Tijerino v. Stetson Desert Project, LLC, No. 18-16013 (9th Cir. 2019)

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Justia Opinion Summary

The Ninth Circuit reversed the district court's dismissal of an action brought by a group of exotic dancers against their employer under the Fair Labor Standards Act (FLSA) and Arizona state law. The panel held that the district court erred in concluding that it lacked subject matter jurisdiction because plaintiffs failed to prove at the outset of the case that they were employees rather than independent contractors; plaintiffs' employment status is a merits-based determination, not an antecedent jurisdictional issue; and plaintiffs' federal law allegations were not so patently without merit as to justify dismissal for lack of subject matter jurisdiction. Accordingly, the panel remanded for further proceedings.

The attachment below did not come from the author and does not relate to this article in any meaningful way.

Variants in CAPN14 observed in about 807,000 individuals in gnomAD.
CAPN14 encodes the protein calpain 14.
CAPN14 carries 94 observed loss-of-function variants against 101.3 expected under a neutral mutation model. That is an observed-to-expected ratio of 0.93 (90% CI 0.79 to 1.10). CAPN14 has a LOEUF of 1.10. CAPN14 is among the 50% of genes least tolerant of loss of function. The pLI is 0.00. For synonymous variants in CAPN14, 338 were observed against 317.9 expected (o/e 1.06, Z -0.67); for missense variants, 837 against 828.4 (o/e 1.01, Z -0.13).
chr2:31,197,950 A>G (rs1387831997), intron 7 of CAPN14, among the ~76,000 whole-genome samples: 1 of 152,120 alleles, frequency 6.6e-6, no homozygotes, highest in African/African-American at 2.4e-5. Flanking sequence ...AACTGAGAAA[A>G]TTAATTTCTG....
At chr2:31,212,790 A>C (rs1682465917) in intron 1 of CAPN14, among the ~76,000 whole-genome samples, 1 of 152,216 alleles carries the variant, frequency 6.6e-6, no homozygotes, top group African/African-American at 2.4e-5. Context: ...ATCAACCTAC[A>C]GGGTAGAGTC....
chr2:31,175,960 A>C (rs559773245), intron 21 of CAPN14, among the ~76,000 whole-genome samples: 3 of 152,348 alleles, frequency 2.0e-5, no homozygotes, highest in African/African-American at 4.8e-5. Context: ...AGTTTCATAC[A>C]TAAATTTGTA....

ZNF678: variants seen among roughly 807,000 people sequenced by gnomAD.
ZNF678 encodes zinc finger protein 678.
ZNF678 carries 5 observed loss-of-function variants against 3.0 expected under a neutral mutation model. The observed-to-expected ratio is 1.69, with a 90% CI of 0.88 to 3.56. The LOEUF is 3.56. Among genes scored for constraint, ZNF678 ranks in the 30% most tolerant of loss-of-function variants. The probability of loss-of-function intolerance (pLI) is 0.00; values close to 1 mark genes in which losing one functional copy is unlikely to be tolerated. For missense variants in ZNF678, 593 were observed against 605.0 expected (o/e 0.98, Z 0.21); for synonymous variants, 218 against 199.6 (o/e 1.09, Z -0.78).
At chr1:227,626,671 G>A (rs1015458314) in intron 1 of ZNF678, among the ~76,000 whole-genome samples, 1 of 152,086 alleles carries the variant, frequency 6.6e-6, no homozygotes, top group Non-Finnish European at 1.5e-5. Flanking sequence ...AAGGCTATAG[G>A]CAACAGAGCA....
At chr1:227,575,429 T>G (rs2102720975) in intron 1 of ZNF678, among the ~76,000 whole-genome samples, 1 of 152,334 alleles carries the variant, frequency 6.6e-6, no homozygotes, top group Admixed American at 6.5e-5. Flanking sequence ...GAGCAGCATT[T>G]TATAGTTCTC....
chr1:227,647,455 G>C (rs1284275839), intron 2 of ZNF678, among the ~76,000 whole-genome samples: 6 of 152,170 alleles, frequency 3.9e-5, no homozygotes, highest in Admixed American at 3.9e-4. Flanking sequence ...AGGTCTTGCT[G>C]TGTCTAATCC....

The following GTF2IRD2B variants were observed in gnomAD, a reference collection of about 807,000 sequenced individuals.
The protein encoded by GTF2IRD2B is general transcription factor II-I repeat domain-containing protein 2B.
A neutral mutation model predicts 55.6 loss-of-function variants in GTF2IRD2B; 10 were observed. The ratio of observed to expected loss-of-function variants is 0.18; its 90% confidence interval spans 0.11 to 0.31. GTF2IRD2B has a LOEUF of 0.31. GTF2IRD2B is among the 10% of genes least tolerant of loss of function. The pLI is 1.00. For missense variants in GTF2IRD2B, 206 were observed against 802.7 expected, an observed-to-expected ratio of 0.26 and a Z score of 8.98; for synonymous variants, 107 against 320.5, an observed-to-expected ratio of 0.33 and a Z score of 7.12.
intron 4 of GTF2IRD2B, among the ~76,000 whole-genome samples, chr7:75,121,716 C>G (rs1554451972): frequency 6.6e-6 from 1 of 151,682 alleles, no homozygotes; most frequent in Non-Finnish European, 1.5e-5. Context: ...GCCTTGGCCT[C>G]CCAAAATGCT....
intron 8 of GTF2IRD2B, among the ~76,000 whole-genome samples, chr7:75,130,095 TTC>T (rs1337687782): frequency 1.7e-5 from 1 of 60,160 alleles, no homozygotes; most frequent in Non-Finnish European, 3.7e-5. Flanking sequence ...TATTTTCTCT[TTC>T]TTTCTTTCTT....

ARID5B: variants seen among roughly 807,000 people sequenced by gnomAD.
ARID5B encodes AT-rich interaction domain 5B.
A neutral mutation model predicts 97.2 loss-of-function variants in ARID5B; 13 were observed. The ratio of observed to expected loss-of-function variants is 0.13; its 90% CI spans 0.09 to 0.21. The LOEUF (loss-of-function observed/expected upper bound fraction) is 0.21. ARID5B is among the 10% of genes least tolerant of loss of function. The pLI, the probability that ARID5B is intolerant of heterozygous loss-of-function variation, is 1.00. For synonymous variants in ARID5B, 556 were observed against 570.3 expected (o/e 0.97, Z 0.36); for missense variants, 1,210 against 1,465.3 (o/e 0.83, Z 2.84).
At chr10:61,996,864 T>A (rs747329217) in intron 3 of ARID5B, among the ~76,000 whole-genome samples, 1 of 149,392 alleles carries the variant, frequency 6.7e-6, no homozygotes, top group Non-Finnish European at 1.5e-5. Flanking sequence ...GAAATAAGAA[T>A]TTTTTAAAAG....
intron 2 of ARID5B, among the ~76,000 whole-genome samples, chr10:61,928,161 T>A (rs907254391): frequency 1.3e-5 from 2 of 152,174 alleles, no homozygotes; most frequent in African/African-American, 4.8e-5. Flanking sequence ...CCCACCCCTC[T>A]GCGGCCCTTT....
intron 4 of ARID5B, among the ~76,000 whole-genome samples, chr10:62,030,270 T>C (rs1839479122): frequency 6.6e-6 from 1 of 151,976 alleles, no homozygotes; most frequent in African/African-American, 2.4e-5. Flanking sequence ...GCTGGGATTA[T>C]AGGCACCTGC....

Court Description: Labor Law. The panel reversed the district court’s dismissal for lack of subject-matter jurisdiction of an action brought under the Fair Labor Standards Act and Arizona state law by a group of exotic dancers against the club at which they worked. The district court held that it lacked jurisdiction because the dancers did not prove at the outset of the case that they were employees rather than independent contractors. Reversing, the panel held that the statutory requirement that plaintiffs must be employees as defined in the FLSA is a merits-based determination, not a jurisdictional limitation. Further, the dancers’ complaints sufficiently alleged substantial issues of federal law. The panel remanded the case for further proceedings.